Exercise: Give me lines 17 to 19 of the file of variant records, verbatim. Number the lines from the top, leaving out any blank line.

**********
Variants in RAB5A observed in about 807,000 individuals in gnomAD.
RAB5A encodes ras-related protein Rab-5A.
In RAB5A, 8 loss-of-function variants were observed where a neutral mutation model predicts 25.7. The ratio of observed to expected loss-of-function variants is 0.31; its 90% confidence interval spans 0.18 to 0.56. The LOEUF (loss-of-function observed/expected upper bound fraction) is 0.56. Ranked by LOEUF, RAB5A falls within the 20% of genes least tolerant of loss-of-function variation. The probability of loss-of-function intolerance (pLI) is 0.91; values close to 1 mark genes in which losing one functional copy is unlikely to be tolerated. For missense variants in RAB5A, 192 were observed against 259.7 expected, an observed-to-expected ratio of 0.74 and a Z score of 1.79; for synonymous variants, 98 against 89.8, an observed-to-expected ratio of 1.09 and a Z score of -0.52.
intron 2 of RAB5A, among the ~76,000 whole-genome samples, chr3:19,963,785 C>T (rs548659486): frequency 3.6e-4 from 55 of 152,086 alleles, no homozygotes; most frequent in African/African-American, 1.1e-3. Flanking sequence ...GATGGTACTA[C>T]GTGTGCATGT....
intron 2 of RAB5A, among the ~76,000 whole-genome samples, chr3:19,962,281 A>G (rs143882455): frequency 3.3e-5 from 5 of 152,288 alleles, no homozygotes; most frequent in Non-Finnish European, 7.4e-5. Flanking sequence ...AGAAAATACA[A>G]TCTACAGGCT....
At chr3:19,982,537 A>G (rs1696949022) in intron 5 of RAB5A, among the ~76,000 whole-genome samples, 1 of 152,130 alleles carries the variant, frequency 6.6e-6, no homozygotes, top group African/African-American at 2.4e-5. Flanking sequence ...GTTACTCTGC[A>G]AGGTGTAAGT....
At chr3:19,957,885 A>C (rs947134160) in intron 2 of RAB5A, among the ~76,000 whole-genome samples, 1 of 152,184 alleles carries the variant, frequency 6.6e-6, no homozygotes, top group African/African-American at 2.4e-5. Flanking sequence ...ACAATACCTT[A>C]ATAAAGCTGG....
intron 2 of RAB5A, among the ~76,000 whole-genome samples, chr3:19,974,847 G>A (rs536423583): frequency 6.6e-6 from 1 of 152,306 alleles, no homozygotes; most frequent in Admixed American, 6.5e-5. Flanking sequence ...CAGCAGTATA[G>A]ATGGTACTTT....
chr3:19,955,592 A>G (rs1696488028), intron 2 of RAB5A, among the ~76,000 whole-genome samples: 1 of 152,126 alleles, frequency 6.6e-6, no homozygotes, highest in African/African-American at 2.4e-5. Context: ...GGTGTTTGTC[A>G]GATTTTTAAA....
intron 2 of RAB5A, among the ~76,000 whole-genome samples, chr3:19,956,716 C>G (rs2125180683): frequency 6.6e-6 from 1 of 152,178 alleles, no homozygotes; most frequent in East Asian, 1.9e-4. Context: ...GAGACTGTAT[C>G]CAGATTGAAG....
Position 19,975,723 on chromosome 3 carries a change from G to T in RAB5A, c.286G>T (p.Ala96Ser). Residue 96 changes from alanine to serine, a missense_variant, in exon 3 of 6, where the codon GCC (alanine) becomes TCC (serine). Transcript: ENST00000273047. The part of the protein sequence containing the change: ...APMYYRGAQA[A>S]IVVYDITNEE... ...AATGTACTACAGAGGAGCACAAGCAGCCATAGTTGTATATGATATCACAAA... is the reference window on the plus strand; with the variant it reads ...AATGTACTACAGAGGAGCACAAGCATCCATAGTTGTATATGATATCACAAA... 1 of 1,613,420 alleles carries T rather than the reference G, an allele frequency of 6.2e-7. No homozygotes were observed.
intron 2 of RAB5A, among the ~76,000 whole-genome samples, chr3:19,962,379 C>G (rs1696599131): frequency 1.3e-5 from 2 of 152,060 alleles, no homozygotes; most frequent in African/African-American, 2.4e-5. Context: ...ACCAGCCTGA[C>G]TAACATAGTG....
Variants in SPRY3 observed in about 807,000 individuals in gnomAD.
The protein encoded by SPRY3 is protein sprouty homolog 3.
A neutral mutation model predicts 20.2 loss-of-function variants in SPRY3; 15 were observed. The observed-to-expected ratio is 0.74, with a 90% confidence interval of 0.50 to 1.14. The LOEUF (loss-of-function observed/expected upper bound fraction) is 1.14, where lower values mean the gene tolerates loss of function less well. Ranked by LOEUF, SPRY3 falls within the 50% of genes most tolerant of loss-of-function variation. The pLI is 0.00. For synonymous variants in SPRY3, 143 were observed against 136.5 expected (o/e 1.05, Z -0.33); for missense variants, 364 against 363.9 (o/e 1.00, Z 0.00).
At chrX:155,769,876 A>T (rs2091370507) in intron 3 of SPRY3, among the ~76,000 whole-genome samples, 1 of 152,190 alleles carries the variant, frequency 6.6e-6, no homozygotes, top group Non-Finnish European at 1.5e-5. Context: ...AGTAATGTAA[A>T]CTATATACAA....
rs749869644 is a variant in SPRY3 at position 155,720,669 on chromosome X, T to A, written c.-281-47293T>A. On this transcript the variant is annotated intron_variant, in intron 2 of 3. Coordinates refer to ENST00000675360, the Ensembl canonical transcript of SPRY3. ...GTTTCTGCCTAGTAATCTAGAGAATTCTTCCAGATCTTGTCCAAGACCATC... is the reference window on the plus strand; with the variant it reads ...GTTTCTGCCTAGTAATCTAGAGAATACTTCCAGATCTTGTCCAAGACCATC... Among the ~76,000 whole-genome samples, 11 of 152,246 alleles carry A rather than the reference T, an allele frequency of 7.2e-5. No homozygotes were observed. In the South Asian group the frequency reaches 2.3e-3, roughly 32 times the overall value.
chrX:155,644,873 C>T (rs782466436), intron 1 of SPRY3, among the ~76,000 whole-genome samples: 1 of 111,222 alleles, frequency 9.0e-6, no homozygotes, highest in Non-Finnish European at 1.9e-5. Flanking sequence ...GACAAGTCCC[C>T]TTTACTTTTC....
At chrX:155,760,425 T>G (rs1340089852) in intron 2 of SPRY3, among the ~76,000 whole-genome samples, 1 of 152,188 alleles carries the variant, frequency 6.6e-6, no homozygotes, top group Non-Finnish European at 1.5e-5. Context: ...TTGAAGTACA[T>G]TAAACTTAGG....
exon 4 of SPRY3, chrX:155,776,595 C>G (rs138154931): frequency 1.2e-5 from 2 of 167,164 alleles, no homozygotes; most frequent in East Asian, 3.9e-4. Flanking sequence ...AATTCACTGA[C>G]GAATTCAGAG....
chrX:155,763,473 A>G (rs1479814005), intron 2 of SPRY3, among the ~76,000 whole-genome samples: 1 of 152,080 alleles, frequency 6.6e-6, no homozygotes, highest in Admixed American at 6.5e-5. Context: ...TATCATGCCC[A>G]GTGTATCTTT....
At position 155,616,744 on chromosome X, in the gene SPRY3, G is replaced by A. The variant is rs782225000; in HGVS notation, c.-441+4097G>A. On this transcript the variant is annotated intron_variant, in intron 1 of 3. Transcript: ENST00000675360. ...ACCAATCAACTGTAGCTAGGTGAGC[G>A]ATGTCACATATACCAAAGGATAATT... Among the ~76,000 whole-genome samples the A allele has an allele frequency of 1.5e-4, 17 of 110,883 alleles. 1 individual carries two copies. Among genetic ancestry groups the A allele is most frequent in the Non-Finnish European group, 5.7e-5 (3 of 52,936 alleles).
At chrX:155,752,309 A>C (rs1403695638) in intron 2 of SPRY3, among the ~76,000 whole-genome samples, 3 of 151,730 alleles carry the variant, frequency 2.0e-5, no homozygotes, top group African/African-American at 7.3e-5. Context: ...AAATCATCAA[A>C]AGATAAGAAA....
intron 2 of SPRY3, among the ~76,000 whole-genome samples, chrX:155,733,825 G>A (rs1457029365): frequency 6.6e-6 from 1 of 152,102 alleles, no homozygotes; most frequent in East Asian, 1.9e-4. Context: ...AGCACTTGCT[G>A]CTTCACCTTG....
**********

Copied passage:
rs749869644 is a variant in SPRY3 at position 155,720,669 on chromosome X, T to A, written c.-281-47293T>A. On this transcript the variant is annotated intron_variant, in intron 2 of 3. Coordinates refer to ENST00000675360, the Ensembl canonical transcript of SPRY3. ...GTTTCTGCCTAGTAATCTAGAGAATTCTTCCAGATCTTGTCCAAGACCATC... is the reference window on the plus strand; with the variant it reads ...GTTTCTGCCTAGTAATCTAGAGAATACTTCCAGATCTTGTCCAAGACCATC... Among the ~76,000 whole-genome samples, 11 of 152,246 alleles carry A rather than the reference T, an allele frequency of 7.2e-5. No homozygotes were observed. In the South Asian group the frequency reaches 2.3e-3, roughly 32 times the overall value.
chrX:155,644,873 C>T (rs782466436), intron 1 of SPRY3, among the ~76,000 whole-genome samples: 1 of 111,222 alleles, frequency 9.0e-6, no homozygotes, highest in Non-Finnish European at 1.9e-5. Flanking sequence ...GACAAGTCCC[C>T]TTTACTTTTC....
At chrX:155,760,425 T>G (rs1340089852) in intron 2 of SPRY3, among the ~76,000 whole-genome samples, 1 of 152,188 alleles carries the variant, frequency 6.6e-6, no homozygotes, top group Non-Finnish European at 1.5e-5. Context: ...TTGAAGTACA[T>G]TAAACTTAGG....